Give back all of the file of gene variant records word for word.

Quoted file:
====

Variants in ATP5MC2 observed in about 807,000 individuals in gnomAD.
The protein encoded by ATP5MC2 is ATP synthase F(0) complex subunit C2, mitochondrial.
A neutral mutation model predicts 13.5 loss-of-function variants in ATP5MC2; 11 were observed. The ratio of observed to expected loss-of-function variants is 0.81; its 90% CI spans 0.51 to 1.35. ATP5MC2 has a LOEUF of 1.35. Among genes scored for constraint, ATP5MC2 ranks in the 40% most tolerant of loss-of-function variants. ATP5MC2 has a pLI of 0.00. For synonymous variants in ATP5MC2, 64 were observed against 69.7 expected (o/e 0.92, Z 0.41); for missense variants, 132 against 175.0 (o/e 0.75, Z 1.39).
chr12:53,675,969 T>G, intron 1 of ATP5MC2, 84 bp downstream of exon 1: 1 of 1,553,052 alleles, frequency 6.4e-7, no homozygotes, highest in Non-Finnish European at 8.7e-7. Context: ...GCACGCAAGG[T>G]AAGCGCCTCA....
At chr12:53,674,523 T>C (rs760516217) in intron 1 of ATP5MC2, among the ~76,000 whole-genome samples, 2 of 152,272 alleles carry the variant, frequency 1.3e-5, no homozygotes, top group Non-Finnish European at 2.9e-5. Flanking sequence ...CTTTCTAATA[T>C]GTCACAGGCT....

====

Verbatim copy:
Variants in ATP5MC2 observed in about 807,000 individuals in gnomAD.
The protein encoded by ATP5MC2 is ATP synthase F(0) complex subunit C2, mitochondrial.
A neutral mutation model predicts 13.5 loss-of-function variants in ATP5MC2; 11 were observed. The ratio of observed to expected loss-of-function variants is 0.81; its 90% CI spans 0.51 to 1.35. ATP5MC2 has a LOEUF of 1.35. Among genes scored for constraint, ATP5MC2 ranks in the 40% most tolerant of loss-of-function variants. ATP5MC2 has a pLI of 0.00. For synonymous variants in ATP5MC2, 64 were observed against 69.7 expected (o/e 0.92, Z 0.41); for missense variants, 132 against 175.0 (o/e 0.75, Z 1.39).
chr12:53,675,969 T>G, intron 1 of ATP5MC2, 84 bp downstream of exon 1: 1 of 1,553,052 alleles, frequency 6.4e-7, no homozygotes, highest in Non-Finnish European at 8.7e-7. Context: ...GCACGCAAGG[T>G]AAGCGCCTCA....
At chr12:53,674,523 T>C (rs760516217) in intron 1 of ATP5MC2, among the ~76,000 whole-genome samples, 2 of 152,272 alleles carry the variant, frequency 1.3e-5, no homozygotes, top group Non-Finnish European at 2.9e-5. Flanking sequence ...CTTTCTAATA[T>C]GTCACAGGCT....